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African-American History Comes Alive in Eatonville, FL

In the 1880s, Joseph E. Clarke founded Eatonville as the nation’s first incorporated African-American municipality. Author Zora Neale Hurston (1891-1960) brought fame to the town through her writings. Visitors might stroll historic streets, tour the Zora Neale Hurston National Museum of Fine Arts, or attend a major southern arts and cultural festival in her honor each January. Visit www.zoranealehurston.cc

Folk Art, the Underground Railroad and Genealogy

In Tangipahoa Parish, LA, the African-American Heritage Museum displays African and folk art, artifacts from the Underground Railroad, a genealogy room and exhibits on African-American Inventors. Visit africanamericanheritagemuseum.com. 



African-American Culture & Heritage
Despair to Hope: Alexandria's Freedom House
In Alexandria, VA, a new museum that focuses on the era of slavery has opened in the basement of a building where slaves were confined and sold in the 1800s. While Freedom House may seem an unlikely name for such a site, given the history and the changes in American society over the decades, it's altogether fitting.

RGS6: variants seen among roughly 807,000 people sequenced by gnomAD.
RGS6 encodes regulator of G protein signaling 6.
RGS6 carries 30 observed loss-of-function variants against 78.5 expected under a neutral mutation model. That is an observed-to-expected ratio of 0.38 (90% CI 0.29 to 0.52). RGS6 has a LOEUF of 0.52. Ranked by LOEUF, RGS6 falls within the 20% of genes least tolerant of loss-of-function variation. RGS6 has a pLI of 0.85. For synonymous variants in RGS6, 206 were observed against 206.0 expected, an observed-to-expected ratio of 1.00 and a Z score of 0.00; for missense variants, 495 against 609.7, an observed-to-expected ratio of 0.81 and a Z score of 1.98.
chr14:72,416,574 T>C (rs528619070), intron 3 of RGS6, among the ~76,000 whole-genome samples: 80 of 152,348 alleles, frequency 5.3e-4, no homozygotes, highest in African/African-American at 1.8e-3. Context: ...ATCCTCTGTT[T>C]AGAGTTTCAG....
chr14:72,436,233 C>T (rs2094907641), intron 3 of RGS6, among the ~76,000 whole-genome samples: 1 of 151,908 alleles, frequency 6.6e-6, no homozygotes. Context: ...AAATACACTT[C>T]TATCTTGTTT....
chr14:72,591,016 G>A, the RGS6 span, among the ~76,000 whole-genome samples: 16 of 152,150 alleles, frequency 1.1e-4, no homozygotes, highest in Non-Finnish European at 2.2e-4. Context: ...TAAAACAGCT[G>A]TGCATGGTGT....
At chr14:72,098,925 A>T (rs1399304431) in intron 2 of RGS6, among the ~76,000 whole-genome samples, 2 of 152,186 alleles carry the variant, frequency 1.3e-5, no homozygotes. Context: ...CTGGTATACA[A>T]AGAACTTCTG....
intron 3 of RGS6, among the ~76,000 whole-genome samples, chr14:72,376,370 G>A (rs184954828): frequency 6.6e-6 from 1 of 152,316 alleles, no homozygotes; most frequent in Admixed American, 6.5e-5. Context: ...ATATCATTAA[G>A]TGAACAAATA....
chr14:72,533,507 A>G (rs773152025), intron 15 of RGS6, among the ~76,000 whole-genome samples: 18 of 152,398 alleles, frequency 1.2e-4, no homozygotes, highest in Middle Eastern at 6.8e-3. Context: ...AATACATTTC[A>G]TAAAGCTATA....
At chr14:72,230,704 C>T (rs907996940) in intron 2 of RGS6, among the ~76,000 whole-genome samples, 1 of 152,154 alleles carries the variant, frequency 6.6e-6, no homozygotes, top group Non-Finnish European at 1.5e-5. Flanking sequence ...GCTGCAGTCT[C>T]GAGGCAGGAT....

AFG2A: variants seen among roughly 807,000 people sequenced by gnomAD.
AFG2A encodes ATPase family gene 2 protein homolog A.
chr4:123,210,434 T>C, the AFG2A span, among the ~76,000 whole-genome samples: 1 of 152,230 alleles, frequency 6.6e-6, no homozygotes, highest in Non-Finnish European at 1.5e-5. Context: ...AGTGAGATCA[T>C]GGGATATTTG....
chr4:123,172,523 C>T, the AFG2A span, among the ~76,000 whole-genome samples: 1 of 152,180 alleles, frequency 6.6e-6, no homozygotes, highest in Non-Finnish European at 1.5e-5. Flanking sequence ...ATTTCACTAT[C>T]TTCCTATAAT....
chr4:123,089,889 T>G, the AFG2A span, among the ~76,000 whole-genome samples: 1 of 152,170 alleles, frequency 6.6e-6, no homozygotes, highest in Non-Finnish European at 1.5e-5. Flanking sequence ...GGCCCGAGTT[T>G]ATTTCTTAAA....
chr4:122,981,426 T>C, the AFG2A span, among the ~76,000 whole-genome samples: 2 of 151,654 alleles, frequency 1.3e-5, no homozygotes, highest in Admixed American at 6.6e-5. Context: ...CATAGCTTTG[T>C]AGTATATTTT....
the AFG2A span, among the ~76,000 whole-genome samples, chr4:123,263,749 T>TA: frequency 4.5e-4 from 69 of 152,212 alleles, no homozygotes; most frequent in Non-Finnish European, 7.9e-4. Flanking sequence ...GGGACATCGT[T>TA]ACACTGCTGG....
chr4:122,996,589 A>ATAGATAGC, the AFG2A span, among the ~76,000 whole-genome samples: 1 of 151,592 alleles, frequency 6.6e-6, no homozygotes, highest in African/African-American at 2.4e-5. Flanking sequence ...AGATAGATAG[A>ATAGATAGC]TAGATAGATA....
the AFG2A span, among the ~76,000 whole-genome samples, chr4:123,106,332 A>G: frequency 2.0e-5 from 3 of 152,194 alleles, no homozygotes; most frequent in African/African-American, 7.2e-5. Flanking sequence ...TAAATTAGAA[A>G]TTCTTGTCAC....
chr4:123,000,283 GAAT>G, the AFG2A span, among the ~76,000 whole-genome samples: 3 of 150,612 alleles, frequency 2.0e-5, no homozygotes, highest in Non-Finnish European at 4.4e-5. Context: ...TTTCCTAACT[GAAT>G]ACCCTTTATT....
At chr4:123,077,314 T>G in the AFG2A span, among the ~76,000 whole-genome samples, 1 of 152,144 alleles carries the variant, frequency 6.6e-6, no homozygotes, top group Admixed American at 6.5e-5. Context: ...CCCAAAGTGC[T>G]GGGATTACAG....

Today, this former slave market site is home to the local Urban League. It's an important African-American heritage site, but its exhibits deliver historical perspective that's important for all of us, regardless of color or nationality. So join Craig Lancto, a Northern Virginia freelance travel writer, for a look at the new Freedom House museum and how to visit.
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Kentucky Offers Multicultural Guide
Seeking to learn more about Kentucky's multi-cultural attributes. Then check out the state's new Multicultural Travel Guide for visitors. The 40-page guide outlines the sites, activities and destinations that interpret the state's multicultural heritage.

Interestingly, the commonwealth is also seeking people willing to share their stories for use in future publications.

Check it out ...
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The "Wawmanona" in Florence, AL pre-dates Columbus

Native American history within the South is rich and diverse. Many First Nations sites are open to the public with educational programs.

The goal is to help both native Americans and non-tribal visitors understand the culture and heritage of the peoples who lived in the South before Columbus even arrived on western shores.

One such attraction is the "Wawmanona" in Florence, AL. It's 42 feet high and 310-by-230 feet in dimension. For more information, read on.
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